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When Leaders Care, They Recruit Employees Who Care

After reviewing what seemed to be an endless number of resumes for a key position, I asked the members of our team, the selection committee, to narrow the candidate pool down to five. I further instructed the team to keep in mind that they are responsible for recommending their future coworkers. The committee did the first round of interviews and reported back that each interview seemed to go better than the last as they presented me with their recommendations in their priority order. Given the positive remarks from the committee about the candidates, I asked two members of the committee to join me in the final round of interviews and to bring in all five candidates. As the committee discussed the pending selection, it was determined that because of the exceptional quality of the candidates that I approach the CEO to request budgeting to make multiple selections. Approval was granted, and selections were made. As I received word that offers were accepted, I immediately called each candidate to welcome them onboard, let them know how happy the team and I were to have them join us, asked them what I could do to help them transition from their current employer to ours, and let them know to feel free to call with any questions during the transition period.

>> Learn more at the webinar: Move Over, Move Up, or Move On

As time passed, the new hires excelled at each opportunity.  They worked with existing team members to learn their new duties, looked for opportunities to introduce improvements to current practices, and brought in new ideas and suggestions. There were bumps along the way but the team environment focusing on results, caring, accountability, and inclusion that we worked toward promoting was there.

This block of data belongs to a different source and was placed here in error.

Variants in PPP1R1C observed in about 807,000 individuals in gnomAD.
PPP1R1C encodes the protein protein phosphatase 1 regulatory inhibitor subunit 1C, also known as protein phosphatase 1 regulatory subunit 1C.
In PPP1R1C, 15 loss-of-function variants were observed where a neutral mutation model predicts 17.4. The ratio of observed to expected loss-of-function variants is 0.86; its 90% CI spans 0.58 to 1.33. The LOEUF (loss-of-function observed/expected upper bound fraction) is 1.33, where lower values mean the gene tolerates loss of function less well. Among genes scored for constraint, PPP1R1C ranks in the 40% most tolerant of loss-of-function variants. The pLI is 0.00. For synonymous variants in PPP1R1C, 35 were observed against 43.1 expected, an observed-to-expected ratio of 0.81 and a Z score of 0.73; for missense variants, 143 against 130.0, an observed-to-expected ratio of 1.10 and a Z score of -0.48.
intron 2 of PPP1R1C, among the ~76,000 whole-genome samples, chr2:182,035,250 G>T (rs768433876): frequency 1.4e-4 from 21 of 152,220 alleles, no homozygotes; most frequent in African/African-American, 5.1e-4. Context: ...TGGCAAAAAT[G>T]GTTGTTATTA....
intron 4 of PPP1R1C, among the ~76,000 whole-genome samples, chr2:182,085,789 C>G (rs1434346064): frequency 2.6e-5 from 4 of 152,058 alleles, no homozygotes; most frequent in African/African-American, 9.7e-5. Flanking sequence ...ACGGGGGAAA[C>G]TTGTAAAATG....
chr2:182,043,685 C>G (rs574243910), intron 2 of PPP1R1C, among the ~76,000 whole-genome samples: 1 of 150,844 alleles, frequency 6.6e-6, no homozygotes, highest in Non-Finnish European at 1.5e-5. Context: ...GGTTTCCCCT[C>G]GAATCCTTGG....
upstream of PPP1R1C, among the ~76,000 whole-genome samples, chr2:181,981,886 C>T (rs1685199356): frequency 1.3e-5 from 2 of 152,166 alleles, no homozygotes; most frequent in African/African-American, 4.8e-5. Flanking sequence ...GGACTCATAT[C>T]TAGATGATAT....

I share this story because it is important for leaders to keep in mind that when striving toward creating or maintaining a caring environment, their actions must take into consideration existing staff as well as future staff.  It is imperative that leaders work with their team to ensure that new hires will not only possess the technical skills to do the job but also have the ability and desire to share the team’s established norms.

When making selections, please consider incorporating the following questions into your existing interview process:

  • Team/Organization Fit
    Will the applicant agree and adhere to the expectations set for:

    • Work schedules
    • Team goals
    • Professional integrity
    • Business etiquette

     

  • Current and Future Job-Skill Capacity
    What is the applicant’s ability to perform the duties of the position?

    • Ability, aptitude, and necessary motivation to perform required functions
    • Necessary credentials (if applicable)

     

  • Interpersonal Skills
    Does the applicant have good communication and interaction skills?

    • Caring, concern, and empathy for others
    • Appropriate and effective listening skills
    • Teamwork
    • Flexibility
    • Patience
    • Dependability

     

  • Past Performance and Accomplishments
    • Verifiable examples

     

In closing, it is all our jobs as leaders and followers to genuinely care about the members of our team and it needs to start as soon as possible!

For more information about creating, improving, or maintaining a productive and caring work environment, please visit www.teambogie.com.

Written by Chris Boguslaw, M Ed

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